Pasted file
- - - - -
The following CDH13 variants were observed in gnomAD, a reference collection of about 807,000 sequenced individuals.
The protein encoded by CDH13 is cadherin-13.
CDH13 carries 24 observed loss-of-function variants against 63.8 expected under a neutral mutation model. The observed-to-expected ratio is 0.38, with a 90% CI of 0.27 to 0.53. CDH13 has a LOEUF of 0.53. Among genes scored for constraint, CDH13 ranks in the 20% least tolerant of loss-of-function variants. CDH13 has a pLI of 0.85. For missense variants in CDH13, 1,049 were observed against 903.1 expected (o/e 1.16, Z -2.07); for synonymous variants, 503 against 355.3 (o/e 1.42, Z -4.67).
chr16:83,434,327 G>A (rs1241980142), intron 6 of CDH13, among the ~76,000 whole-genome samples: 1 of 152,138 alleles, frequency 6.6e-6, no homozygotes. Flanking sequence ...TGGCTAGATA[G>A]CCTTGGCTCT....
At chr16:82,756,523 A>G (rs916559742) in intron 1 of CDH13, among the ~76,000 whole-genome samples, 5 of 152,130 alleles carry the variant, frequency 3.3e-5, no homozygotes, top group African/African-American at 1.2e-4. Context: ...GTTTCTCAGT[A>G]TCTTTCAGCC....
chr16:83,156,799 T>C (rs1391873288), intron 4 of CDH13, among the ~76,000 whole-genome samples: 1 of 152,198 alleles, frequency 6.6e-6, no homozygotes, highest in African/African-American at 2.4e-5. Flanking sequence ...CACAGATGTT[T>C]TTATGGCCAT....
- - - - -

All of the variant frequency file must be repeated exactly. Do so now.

The following CDH13 variants were observed in gnomAD, a reference collection of about 807,000 sequenced individuals.
The protein encoded by CDH13 is cadherin-13.
CDH13 carries 24 observed loss-of-function variants against 63.8 expected under a neutral mutation model. The observed-to-expected ratio is 0.38, with a 90% CI of 0.27 to 0.53. CDH13 has a LOEUF of 0.53. Among genes scored for constraint, CDH13 ranks in the 20% least tolerant of loss-of-function variants. CDH13 has a pLI of 0.85. For missense variants in CDH13, 1,049 were observed against 903.1 expected (o/e 1.16, Z -2.07); for synonymous variants, 503 against 355.3 (o/e 1.42, Z -4.67).
chr16:83,434,327 G>A (rs1241980142), intron 6 of CDH13, among the ~76,000 whole-genome samples: 1 of 152,138 alleles, frequency 6.6e-6, no homozygotes. Flanking sequence ...TGGCTAGATA[G>A]CCTTGGCTCT....
At chr16:82,756,523 A>G (rs916559742) in intron 1 of CDH13, among the ~76,000 whole-genome samples, 5 of 152,130 alleles carry the variant, frequency 3.3e-5, no homozygotes, top group African/African-American at 1.2e-4. Context: ...GTTTCTCAGT[A>G]TCTTTCAGCC....
chr16:83,156,799 T>C (rs1391873288), intron 4 of CDH13, among the ~76,000 whole-genome samples: 1 of 152,198 alleles, frequency 6.6e-6, no homozygotes, highest in African/African-American at 2.4e-5. Flanking sequence ...CACAGATGTT[T>C]TTATGGCCAT....